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Events

Barton Myers: Works of Architecture and Urbanism
September 12–December 12, 2014
With works as varied as a Vidal Sassoon Salon from 1968, the U.S. Expo Pavilion in Seville, Spain in 1992, and his steel houses, this exhibit will present an overview of almost fifty years of architecture. Barton Myers first attracted attention in the late 1960s for his civic buildings and urban projects in Canada. He returned to the United States in 1984 to open a Los Angeles office and became known for his performing arts centers, campus buildings, and steel houses among many projects. 

The Barton Myers papers were donated to the Architecture and Design Collection of the AD&A Museum, UC Santa Barbara in 2000.  The archive covers Myers’s work from 1968 through 2002 and includes sketches and computer drawings, watercolors, images by well-known photographers, detailed study models and models of blocks-long sections of cities, as well as research notes, correspondence, lectures, and writings.

The West Hollywood Design District Presents Decades of Design 1948–2014
November 19, 2014–February 2015
The first-ever retrospective exhibition uncovering, examining and celebrating six decades of rich design history in West Hollywood. The curated ­­gallery will showcase design pioneers and present tastemakers through bold graphics, photographs and original product.

RICS Development Series Los Angeles 2014: Wilshire Grand Center
November 20, 2014
Join RICS Southern California chapter for the launch of their Los Angeles Development Series seminar, which takes an in-depth look at the development and construction of the upscale, world-class Wilshire Grand Project in downtown LA.

Innovation and Design Excellence in Healthcare Facilities Design: Today and Tomorrow
November 21, 2014
Hosted by AIA Los Angeles and AIA San Francisco, Future Care: Design for Health is a one-day healthcare symposium featuring the top minds in healthcare planning, design and construction. Speakers will address the rapidly changing healthcare environment and how these changes impact what healthcare providers need from the design and construction community.

Heath Ceramics Annual Sale
November 21–25, 2014
Heath's annual sale at their locations in Los Angeles, San Francisco and Sausalito offer deals on merchandise along with special presentations.

FOG Design + Art Fair
January 15–18, 2015
Benefiting the San Francisco Museum of Modern Art (SFMOMA), FOG Design+Art is a four-day celebration and exploration of modern and contemporary design, architecture, and art with dynamic exhibits, custom installations, art galleries, lectures, and discussions with leaders in the art and design worlds.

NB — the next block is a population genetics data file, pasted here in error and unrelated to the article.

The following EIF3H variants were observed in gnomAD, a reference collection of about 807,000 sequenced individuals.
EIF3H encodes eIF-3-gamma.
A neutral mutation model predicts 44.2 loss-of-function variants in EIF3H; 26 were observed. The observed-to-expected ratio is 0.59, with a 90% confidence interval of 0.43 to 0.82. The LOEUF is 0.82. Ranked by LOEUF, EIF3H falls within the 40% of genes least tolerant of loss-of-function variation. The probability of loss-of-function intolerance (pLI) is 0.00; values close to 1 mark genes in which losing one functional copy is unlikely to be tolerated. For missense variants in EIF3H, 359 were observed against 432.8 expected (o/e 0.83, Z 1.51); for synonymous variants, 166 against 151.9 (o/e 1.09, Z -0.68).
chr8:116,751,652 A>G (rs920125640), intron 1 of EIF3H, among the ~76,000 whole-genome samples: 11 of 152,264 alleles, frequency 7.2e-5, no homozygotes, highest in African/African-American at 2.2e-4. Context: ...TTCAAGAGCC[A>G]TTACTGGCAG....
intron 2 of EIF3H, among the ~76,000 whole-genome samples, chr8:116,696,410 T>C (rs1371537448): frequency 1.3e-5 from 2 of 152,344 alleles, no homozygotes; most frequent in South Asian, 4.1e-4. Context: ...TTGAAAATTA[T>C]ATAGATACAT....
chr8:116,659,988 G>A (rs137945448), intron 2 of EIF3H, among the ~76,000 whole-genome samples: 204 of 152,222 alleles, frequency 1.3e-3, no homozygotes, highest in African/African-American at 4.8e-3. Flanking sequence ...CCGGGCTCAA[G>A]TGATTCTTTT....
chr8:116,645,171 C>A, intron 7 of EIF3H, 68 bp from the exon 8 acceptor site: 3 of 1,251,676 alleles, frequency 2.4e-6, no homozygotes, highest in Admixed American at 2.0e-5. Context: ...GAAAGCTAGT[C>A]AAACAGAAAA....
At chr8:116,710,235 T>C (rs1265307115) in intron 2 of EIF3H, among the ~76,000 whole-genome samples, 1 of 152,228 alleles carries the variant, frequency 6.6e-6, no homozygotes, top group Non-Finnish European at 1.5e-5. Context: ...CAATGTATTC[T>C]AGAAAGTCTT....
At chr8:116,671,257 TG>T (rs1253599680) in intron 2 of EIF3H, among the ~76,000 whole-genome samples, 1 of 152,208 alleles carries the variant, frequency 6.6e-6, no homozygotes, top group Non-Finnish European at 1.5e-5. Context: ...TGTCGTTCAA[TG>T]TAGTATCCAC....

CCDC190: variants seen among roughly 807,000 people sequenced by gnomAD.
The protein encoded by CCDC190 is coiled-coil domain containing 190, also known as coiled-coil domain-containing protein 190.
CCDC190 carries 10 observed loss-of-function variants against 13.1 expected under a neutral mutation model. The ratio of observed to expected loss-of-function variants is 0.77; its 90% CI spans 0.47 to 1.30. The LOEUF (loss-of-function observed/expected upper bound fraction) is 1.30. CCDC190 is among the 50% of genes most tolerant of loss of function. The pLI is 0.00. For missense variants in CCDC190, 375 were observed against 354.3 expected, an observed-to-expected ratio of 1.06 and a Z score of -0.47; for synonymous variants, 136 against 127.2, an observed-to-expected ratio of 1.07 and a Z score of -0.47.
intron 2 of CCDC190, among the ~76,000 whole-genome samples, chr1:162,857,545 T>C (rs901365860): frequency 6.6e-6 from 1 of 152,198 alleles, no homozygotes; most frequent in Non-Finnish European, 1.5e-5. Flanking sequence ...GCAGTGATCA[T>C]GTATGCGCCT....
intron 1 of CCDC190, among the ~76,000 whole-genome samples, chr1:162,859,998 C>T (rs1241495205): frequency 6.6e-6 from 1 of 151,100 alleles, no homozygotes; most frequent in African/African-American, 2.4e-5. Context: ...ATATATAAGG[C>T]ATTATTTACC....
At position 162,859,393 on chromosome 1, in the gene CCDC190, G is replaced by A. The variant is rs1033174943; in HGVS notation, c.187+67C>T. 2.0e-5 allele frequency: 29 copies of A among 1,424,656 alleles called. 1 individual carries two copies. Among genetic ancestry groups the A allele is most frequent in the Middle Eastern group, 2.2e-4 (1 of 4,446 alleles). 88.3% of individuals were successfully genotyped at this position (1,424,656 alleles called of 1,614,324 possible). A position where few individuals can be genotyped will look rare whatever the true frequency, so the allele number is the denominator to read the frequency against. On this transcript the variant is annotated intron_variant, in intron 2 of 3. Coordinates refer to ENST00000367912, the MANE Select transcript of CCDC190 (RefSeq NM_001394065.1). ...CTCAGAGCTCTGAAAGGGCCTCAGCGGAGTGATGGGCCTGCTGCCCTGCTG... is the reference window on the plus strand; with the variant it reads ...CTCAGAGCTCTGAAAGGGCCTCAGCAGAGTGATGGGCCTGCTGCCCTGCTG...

Competitions

Registration Opens: October 1
Breaking New Ground
The California Endowment

Deadlne: November 30
Sir Geoffrey Jellicoe Award
International Federation of Landscape Architects (IFLA)

Deadline: December 8

2015 Diversity Scholarship
Gensler

Deadline: December 15
2015 Preservation Awards
Santa Monica Conservancy 

Deadline: December 31
Kitchen Design Contest
Wolf and Sub-Zero 

Deadline: January 16
Ceramics of Italy Tile Competition 2015
Ceramics of Italy 

Deadline: February 23
I Like Design
Interiors & Sources 

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Wednesday
Aug212013

Showroom: Sleek Forms Made in Nicaragua

 

Furniture designed by Aaron Poritz is crafted of wood felled in a 2007 hurricane in Nicaragua. Image courtesy Aaron Poritz.

“I approach every design—a building or piece of furniture—as a problem that needs to be solved,” says designer Aaron Poritz. A B.Arch graduate of California College of the Arts, Poritz recently launched a new furniture line. Here’s the twist. The collection is made in Nicaragua from wood sourced from the country’s North Atlantic Autonomous Region, where a 2007 hurricane had felled thousands of hardwood trees.

Connections hooked him up with the mill and its singular materials, and the rest is history. “It was a great opportunity to use wood that I'd never want to or would support cutting down,” he says. “I saw it as a chance to do a line and spent six months prototyping the collection.”

The tropical hardwoods have allowed him to experiment with shapes and forms. “I like to express the capacity of materials," says Poritz. "The wood in Nicaragua is dense and allows me a certain degree of thinness that I couldn’t achieve with American woods. Since it’s so strong, I can make a chair that’s thin with non-standard angles.”

The Balcones dining chair, which started life as a commission for a friend, was the first piece Poritz designed. As with the rest of the pieces in the collection, the look is contemporary, warmed up by the rich wood. He keeps the ornament to a minimum—a touch of darker wood here and there. The real interest is in the form itself. “I took classic joinery and applied it in a more modern feel,” he says.

Practical considerations drive his formal decisions to some extent. “They don’t have fancy machinery. Most of the work is done by hand by skilled carpenters, so there aren’t a lot of curvilinear forms,” he says. “Most of the pieces are angular straight. It’s partly my aesthetic but also being realistic about what they can do at the mill—and if it can be repeated.”

 

 

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